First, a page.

Tuesday, August 7, 2007

pepper relish

Our tomatoes are finally beginning to ripen. The San Marzano plum tomatoes have been hit with blossom end rot. Just as begin to ripen the bottom end becomes brown and eventually turns black and rotten. From what I’ve read the only treatment for that is calcium chloride. The problem results from a lack of calcium in the soil or the plants not being able to assimilate what is there. I will have to look into this further. I don’t want to lose my plum tomatoes!

The peppers are prolific as mentioned. Here’s a photo of our pepper patch…just the Hungarian peppers that is.

I was finally able to find a good price on onions by the 10 lb. bag and so I was able to make a large amount of hot pepper relish. In fact I ended up with 20 pints! Even though the only veggies in this relish are hot peppers and onions, it’s not really “hot”, but rather tangy and sweet with just a hint of heat. We love it on burgers or other grilled meats. I think it would work nicely if one were to use it as a replacement for sweet relish in potato salad, too.

The recipe is simple…

50 Hungarian hot banana peppers

about 6 lb. onions

Remove tops and cut peppers in half, remove seeds. Skin the onions and cut into wedges. Chop veggies up and place in large glass, stainless steel or enamel pan. Using a meat grinder or food processor makes the job easier and quicker. Cover fresh veggies with boiling water and let set for 5 minutes. You can repeat this process two more times to reduce hotness of peppers, but I’ve never had to. Drain veggies and place in a cook pan, again either stainless steel or enamel.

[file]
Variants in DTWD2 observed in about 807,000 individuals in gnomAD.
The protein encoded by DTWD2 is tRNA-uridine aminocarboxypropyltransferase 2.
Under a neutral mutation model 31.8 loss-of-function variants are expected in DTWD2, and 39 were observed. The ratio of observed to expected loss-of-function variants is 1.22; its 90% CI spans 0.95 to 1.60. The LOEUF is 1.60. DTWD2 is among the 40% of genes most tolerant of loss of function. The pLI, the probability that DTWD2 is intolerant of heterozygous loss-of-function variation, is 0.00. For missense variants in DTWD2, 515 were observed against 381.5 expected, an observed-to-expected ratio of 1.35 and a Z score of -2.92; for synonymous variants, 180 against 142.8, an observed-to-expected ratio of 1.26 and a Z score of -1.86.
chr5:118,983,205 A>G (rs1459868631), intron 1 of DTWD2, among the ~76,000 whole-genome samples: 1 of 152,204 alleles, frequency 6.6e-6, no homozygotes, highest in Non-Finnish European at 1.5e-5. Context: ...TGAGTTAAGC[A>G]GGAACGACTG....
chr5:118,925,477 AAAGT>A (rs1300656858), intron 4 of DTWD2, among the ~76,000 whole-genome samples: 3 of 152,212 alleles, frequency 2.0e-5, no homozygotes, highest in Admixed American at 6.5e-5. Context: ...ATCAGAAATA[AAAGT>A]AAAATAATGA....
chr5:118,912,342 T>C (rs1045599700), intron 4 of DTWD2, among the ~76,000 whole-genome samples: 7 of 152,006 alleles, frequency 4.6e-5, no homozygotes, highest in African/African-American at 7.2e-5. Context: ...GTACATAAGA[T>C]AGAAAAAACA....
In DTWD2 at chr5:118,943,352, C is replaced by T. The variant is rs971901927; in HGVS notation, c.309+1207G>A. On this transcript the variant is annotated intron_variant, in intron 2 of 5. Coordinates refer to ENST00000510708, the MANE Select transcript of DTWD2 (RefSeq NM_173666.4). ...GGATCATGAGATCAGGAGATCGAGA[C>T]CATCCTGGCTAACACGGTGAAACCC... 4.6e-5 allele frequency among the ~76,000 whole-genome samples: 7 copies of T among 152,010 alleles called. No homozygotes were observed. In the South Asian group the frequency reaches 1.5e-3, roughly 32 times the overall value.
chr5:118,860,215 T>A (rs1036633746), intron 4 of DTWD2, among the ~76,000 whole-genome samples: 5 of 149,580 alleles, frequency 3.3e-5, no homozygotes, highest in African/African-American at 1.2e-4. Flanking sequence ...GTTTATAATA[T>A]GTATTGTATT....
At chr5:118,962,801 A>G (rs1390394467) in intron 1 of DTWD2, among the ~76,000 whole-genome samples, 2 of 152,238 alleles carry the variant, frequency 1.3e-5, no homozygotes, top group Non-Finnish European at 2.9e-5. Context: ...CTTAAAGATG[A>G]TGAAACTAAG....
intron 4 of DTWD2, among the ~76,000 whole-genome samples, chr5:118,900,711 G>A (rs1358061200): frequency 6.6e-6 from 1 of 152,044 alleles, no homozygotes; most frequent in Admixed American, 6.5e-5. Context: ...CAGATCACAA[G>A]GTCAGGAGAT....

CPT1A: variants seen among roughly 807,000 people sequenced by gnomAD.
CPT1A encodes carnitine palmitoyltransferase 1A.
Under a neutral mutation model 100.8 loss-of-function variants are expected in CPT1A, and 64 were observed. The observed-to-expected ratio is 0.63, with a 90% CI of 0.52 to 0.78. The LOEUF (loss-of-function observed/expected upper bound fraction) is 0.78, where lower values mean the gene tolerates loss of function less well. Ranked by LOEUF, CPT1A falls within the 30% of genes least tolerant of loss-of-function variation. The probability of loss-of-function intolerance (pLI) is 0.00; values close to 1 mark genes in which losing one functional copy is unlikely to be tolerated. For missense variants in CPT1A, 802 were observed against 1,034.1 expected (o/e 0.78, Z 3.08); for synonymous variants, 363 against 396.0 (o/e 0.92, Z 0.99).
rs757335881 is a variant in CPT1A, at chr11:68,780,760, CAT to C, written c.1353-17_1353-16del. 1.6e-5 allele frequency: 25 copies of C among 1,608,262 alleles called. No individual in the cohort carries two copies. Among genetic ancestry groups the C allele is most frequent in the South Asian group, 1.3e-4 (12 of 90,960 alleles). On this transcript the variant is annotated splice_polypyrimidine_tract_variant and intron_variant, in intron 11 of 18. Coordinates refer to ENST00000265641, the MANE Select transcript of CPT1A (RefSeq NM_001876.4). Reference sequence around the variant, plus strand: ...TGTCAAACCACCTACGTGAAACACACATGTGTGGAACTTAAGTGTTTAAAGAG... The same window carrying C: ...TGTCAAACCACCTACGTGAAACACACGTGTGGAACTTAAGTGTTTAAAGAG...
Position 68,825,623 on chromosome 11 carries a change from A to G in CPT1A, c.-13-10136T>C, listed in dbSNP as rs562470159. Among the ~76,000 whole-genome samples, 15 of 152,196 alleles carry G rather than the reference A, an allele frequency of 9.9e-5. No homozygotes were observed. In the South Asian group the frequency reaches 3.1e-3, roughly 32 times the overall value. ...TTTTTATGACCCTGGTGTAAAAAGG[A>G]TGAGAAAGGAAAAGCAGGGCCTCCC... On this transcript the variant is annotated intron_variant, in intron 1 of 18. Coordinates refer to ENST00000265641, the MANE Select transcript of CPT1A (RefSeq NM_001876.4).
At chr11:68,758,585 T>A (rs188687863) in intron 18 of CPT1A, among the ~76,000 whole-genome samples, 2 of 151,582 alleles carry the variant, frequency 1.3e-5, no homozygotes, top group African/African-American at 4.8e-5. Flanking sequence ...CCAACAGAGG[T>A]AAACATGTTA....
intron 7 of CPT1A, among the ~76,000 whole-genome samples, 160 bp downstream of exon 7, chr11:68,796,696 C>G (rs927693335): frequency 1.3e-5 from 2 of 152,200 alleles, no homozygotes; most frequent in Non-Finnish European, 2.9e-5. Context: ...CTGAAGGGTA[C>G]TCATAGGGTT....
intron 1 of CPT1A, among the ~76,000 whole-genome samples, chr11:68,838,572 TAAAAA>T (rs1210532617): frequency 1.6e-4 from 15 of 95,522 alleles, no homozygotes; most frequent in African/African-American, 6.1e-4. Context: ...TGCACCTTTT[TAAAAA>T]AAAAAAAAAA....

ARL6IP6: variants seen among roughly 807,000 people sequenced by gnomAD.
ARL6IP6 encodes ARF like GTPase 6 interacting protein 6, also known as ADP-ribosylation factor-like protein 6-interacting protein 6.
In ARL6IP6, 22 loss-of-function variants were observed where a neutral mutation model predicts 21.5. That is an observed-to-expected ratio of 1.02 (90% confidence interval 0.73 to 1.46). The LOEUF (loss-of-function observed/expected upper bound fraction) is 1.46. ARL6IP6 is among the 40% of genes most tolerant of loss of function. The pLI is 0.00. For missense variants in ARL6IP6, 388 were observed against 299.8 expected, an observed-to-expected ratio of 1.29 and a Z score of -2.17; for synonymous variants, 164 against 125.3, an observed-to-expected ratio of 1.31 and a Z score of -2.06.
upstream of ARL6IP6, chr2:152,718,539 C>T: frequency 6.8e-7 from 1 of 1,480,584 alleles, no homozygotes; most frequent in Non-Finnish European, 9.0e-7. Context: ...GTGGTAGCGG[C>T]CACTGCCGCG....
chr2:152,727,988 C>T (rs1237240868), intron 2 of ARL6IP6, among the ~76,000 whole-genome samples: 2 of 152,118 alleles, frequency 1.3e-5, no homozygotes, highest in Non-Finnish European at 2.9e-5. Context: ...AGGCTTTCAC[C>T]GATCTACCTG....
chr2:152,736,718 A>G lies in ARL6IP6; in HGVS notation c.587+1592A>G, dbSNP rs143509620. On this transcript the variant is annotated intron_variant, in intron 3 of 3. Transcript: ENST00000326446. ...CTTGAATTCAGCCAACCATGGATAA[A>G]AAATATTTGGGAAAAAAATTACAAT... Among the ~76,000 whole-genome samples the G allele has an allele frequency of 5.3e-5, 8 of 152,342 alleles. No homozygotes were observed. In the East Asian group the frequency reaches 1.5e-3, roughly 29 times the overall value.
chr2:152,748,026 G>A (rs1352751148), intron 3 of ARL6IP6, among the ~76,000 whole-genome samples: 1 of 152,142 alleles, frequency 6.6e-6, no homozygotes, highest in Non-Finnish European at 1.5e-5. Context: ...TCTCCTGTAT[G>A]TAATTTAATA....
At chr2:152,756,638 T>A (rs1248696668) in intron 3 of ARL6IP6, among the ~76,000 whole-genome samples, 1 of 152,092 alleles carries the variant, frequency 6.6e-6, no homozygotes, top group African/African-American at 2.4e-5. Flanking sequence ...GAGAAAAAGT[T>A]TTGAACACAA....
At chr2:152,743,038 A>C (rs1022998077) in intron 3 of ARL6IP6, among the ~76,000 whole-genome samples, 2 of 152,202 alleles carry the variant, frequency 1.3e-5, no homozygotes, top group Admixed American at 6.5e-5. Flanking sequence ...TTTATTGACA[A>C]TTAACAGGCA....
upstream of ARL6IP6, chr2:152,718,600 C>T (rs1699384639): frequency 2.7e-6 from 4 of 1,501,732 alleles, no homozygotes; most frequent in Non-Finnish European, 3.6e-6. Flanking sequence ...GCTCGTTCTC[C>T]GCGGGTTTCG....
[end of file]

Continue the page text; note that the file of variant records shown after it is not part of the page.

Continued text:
Add:

8 cups sugar

3 pints cider vinegar

6 T. salt

Bring to a boil and cook 20 minutes then pour into hot sterile pint jars. Wipe rims and seal tightly. Process in boiling water bath for 15-20 minutes. Makes about 10 pints.

If you try it, hope you enjoy as much as we do!

Well, we got to Chillicothe to see the outdoor drama Tecumseh! last Tuesday night. What a treat that was! The actors put a lot of heart and soul into bringing this historical drama to life and do a fantastic job. One horse however did try to steal the show making the crowd giggle in an otherwise serious performance. Nothing dramatic, just some whinnying and head nodding, but funny none the less. It was quite realistic with the live horses, an actual pond and real explosions from the guns and cannon. The scenes played out had, in reality taken place in and near the very area we were in. That realization gives one a moment’s pause. I have to admit that in the end, I was just a wee bit teary eyed over the death of Tecumseh and the loss of life suffered at the hands of the white man, especially after Tecumseh had spent ten years traveling from tribe to tribe to unite the tribes as one that they could maintain their right to live on and care for the land, remaining true to their heritage.

I am very grateful for the opportunity to have seen this show and despite it being three hours long, it was never in the least bit boring. I would highly recommend it. However, I wouldn’t advise taking small children/babies to this as the gunfire and cannon fire is very loud, plus three hours is a long time for little ones even with a twenty minute intermission. A 4-6 year old would probably be entertained, but any younger I’d recommend getting a sitter for. Just my two cents.

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